A celebration of 15 years of service


Today I celebrate a huge personal milestone; I have finished 15 years at Standard bank. It has been an amazing journey with life changing memories. I am grateful to thousands of colleagues in South Africa, across the African continent and the rest of the world for their love, support and fellowship over these 15 years. Through their advice, guidance, support, counselling, and feedback, I have become a better person in my personal and professional life. I hope in some way I have contributed to the growth of young leaders in the bank across the continent.

To observe this special day, I have dedicated this conversation to a conversation on leadership I had last year with a colleague, Mandisa Zwane. She asked me some very tough questions that made me to reflect deeply on leadership issues. I hope it will provide some insights to current and future leaders.


I have been asked some questions about leadership – especially as it applies to the corporate world. I provide some thoughts on the subject here, but let me start out by stating that I believe that leadership traits do share universal characteristics, no matter where they are applied.

I believe this because leadership is about leading people towards a common goal, objective, mission or destination. Leadership, whether it is inherited, elected, or appointed, therefore needs to inspire and motivate people towards the desired outcome.

Leadership in organisations, as it deals with people as customers, staff, regulators, or stakeholders, requires a lot of energy, passion, drive, humility and commitment from those who have a responsibility or a desire to lead.

I am inspired by the gauge of leadership strength provided by Kouzes and Posner, which I have modified for myself and my fellow leaders: “Each leader or potential leader has to place the people at the centre, be responsive to their needs, respectful of their wishes and be accountable to them. This requires us as leaders to be selfless in our contribution, inclusive in our decisions, humble in our behaviour and inspiring in our actions. If we do this, our joy will not be how exalted we may be, how elevated our positions may be, how much wealth we can amass, and how much power we may have … it must come from a deeper and special place where others benefit, grow or prosper because of our actions… that’s true leadership.”

This is a very high standard to achieve, let alone to maintain, but I feel strongly that it is the standard by which I would want all of us as leaders to be tested. It is those who we have the privilege to lead that should judge whether any of us measure to this leadership standard.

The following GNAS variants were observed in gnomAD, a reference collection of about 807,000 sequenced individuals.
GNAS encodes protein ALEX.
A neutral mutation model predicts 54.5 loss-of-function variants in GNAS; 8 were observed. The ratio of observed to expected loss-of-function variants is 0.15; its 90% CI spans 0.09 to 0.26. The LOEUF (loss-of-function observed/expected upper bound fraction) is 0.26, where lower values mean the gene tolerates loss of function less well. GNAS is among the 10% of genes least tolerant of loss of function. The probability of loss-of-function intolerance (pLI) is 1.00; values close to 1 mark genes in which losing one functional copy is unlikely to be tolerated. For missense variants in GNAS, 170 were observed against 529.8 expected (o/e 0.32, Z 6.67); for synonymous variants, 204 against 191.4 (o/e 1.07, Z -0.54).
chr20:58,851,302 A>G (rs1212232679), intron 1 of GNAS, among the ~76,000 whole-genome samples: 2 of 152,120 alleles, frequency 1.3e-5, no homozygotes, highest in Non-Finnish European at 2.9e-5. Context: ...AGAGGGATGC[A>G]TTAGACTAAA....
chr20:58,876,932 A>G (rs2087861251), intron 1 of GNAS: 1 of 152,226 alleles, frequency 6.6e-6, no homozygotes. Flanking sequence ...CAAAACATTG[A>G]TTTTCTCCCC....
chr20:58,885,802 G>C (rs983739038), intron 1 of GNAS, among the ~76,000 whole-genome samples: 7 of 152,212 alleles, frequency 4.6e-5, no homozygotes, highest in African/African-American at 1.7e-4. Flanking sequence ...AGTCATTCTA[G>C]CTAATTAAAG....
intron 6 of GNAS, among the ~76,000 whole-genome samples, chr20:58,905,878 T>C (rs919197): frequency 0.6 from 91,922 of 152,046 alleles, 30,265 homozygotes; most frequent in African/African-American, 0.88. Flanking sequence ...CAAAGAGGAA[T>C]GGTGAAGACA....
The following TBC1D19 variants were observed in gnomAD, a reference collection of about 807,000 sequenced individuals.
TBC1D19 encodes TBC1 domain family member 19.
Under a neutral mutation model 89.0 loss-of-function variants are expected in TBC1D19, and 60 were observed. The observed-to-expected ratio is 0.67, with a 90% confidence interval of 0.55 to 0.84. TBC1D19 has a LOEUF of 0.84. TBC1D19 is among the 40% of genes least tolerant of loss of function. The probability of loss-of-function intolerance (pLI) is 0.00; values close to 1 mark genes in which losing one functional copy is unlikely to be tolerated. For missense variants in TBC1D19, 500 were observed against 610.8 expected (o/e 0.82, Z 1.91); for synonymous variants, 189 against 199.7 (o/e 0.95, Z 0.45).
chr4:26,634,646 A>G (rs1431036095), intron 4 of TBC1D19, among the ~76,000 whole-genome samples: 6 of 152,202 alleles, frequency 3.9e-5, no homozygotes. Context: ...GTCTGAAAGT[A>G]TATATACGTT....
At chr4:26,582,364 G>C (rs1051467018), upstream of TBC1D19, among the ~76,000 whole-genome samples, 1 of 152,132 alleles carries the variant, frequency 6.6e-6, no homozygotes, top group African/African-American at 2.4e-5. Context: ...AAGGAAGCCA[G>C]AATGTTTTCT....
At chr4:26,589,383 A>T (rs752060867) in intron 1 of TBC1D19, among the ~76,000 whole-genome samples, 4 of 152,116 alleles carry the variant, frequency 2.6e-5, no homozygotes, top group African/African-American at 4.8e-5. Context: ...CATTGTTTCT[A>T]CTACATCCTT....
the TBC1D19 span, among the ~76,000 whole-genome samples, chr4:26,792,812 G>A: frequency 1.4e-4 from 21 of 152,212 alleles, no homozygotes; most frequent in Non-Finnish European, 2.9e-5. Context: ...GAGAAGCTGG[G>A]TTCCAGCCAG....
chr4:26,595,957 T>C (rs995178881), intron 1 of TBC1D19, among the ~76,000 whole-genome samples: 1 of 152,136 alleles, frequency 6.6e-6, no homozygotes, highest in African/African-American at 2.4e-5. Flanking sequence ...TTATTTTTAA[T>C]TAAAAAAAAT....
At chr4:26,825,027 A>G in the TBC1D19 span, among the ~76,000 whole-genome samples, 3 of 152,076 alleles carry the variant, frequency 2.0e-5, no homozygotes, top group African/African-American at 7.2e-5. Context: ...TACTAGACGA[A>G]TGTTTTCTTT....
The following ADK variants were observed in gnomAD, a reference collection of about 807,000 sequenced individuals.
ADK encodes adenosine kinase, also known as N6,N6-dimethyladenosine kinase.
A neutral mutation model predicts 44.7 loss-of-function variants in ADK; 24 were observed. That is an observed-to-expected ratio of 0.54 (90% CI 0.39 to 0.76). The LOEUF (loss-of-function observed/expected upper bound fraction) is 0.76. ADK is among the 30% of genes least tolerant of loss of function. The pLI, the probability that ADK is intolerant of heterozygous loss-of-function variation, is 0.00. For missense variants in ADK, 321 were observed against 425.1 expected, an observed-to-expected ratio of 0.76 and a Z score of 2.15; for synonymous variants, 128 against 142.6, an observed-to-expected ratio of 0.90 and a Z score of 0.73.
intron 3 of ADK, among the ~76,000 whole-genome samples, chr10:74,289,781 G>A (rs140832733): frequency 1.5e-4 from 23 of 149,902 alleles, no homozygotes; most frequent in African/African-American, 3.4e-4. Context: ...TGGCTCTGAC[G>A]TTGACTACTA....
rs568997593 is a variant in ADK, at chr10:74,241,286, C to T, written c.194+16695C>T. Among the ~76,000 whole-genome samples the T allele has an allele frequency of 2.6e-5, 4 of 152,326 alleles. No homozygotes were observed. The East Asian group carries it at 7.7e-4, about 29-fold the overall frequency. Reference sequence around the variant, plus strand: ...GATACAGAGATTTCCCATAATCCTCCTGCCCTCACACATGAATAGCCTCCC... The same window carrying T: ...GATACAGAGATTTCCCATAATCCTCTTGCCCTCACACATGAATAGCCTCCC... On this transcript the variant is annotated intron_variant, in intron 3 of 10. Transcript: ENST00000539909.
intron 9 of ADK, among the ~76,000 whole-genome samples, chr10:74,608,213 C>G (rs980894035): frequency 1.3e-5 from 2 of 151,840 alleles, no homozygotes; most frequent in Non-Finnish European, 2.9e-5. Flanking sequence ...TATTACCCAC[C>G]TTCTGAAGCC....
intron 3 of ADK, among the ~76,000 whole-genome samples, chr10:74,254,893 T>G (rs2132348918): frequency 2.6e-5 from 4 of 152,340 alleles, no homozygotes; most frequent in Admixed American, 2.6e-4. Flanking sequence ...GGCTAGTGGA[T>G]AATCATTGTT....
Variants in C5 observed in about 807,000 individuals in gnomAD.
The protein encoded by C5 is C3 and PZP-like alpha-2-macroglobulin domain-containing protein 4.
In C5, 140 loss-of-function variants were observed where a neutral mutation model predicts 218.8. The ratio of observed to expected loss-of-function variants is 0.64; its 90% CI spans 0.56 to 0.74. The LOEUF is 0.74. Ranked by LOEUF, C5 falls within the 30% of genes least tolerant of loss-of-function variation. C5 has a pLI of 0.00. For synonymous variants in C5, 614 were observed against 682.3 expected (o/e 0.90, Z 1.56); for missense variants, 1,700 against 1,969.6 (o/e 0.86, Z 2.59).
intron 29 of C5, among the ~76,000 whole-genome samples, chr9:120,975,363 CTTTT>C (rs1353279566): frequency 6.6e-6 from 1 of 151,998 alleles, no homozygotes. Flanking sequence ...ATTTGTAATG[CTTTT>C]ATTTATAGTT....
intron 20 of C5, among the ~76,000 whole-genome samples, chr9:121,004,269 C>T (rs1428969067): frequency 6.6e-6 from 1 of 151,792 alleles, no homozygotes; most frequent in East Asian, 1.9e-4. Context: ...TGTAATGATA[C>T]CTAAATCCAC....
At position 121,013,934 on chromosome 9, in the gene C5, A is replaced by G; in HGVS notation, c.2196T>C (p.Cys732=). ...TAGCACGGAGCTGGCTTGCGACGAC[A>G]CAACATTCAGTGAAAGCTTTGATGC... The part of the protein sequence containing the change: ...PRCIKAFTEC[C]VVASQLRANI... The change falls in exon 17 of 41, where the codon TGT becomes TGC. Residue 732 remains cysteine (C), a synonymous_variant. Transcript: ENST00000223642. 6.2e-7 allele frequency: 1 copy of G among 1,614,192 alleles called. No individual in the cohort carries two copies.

I hope you enjoy the conversation between Mandisa Zwane (MZ) and Lincoln Mali (LM) as I try and reflect my views and experiences on leadership.

Conversation with Mandisa Zwane

1. MZ: What do you feel leadership is?

LM: As you can tell from what I have said above, I feel strongly that leadership is not encapsulated in the positions we occupy, nor is it in the titles that we have or the designation conferred on us. I firmly believe that leadership is a calling, a choice, and that it has to do with how we influence others rather than the position we hold. People occupying leadership positions are not necessarily leaders, nor are they necessarily leading. Equally, people may well be leading, either consciously or unconsciously, without holding any title or leadership position. In the words of Prof Jonathan Jansen, “Leadership is not a position occupied, but an influence that is felt.”

2. MZ: What do you find most challenging about being a leader in the corporate world?

LM: The most challenging thing for me and, I suspect, for most leaders, is to live up to the accompanying role, task, expectations and responsibility. I have to ensure that, in my actions, behaviours, comments, decisions and general demeanour, I live up to the high expectations people have of me and of other leaders. Failure is not an option. Every day, in all my interactions, I have to uphold the values of the organisation and my own leadership standards.

This is the most challenging part of leadership for me because I’m a mere mortal, a human being with weaknesses, temptations and frailties. I have to constantly ensure that these do not derail me and that I live up to my team’s expectations.

The next challenge is to identify, groom, inspire and help the next generation of leaders to take on the mantle of true leadership. This is harder, as you have to influence hundreds of leaders across the organisation through your own actions, your behaviours and the things you stand for. Words are important, but they can only take you so far. What is more important are your daily actions. You are always “on stage”, “on camera” and in the limelight as a leader. It is easier if your value system and your actions are aligned and if your words and deeds are aligned, because people see through play acting or “false prophesy”.

Difficult as these challenges are, this is the life any leader has chosen – or has had chosen for them.

3. MZ: What do you feel it takes to be a leader at the top of the hierarchy in an organisation?

LM: There are many things I could mention, including hard work, being a team player and delivering results. However, my personal aspirations have less to do with the importance of the role, how high up it is or how fancy the title is, so my views on what it takes may be different from most.